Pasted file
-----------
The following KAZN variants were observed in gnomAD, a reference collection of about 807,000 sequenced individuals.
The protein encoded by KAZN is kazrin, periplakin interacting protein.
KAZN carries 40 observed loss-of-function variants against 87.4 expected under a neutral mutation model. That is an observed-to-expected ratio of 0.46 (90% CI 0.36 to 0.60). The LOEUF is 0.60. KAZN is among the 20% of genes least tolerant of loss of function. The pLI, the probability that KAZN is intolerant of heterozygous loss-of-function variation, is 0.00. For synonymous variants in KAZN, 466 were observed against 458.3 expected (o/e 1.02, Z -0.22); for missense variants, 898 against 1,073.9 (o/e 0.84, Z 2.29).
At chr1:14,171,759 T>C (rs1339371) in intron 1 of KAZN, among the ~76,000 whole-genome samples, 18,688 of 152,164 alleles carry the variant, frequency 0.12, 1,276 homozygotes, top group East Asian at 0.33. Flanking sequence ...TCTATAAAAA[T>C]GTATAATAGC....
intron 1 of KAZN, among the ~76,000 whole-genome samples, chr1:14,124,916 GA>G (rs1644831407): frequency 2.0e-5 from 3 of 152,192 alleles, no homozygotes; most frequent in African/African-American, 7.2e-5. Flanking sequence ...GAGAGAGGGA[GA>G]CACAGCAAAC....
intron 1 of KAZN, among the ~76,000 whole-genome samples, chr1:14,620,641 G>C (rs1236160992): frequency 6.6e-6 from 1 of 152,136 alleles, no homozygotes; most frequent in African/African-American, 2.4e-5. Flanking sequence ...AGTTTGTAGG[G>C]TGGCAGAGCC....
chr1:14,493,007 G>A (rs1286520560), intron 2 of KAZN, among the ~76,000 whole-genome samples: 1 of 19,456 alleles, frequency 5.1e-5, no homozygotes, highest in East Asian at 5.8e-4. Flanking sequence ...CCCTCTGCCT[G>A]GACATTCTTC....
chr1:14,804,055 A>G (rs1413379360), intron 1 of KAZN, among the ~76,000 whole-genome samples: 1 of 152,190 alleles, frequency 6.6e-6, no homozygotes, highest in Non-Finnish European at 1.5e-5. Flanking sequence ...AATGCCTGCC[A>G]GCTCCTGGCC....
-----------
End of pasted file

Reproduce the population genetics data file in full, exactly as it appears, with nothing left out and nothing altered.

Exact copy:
The following KAZN variants were observed in gnomAD, a reference collection of about 807,000 sequenced individuals.
The protein encoded by KAZN is kazrin, periplakin interacting protein.
KAZN carries 40 observed loss-of-function variants against 87.4 expected under a neutral mutation model. That is an observed-to-expected ratio of 0.46 (90% CI 0.36 to 0.60). The LOEUF is 0.60. KAZN is among the 20% of genes least tolerant of loss of function. The pLI, the probability that KAZN is intolerant of heterozygous loss-of-function variation, is 0.00. For synonymous variants in KAZN, 466 were observed against 458.3 expected (o/e 1.02, Z -0.22); for missense variants, 898 against 1,073.9 (o/e 0.84, Z 2.29).
At chr1:14,171,759 T>C (rs1339371) in intron 1 of KAZN, among the ~76,000 whole-genome samples, 18,688 of 152,164 alleles carry the variant, frequency 0.12, 1,276 homozygotes, top group East Asian at 0.33. Flanking sequence ...TCTATAAAAA[T>C]GTATAATAGC....
intron 1 of KAZN, among the ~76,000 whole-genome samples, chr1:14,124,916 GA>G (rs1644831407): frequency 2.0e-5 from 3 of 152,192 alleles, no homozygotes; most frequent in African/African-American, 7.2e-5. Flanking sequence ...GAGAGAGGGA[GA>G]CACAGCAAAC....
intron 1 of KAZN, among the ~76,000 whole-genome samples, chr1:14,620,641 G>C (rs1236160992): frequency 6.6e-6 from 1 of 152,136 alleles, no homozygotes; most frequent in African/African-American, 2.4e-5. Flanking sequence ...AGTTTGTAGG[G>C]TGGCAGAGCC....
chr1:14,493,007 G>A (rs1286520560), intron 2 of KAZN, among the ~76,000 whole-genome samples: 1 of 19,456 alleles, frequency 5.1e-5, no homozygotes, highest in East Asian at 5.8e-4. Flanking sequence ...CCCTCTGCCT[G>A]GACATTCTTC....
chr1:14,804,055 A>G (rs1413379360), intron 1 of KAZN, among the ~76,000 whole-genome samples: 1 of 152,190 alleles, frequency 6.6e-6, no homozygotes, highest in Non-Finnish European at 1.5e-5. Flanking sequence ...AATGCCTGCC[A>G]GCTCCTGGCC....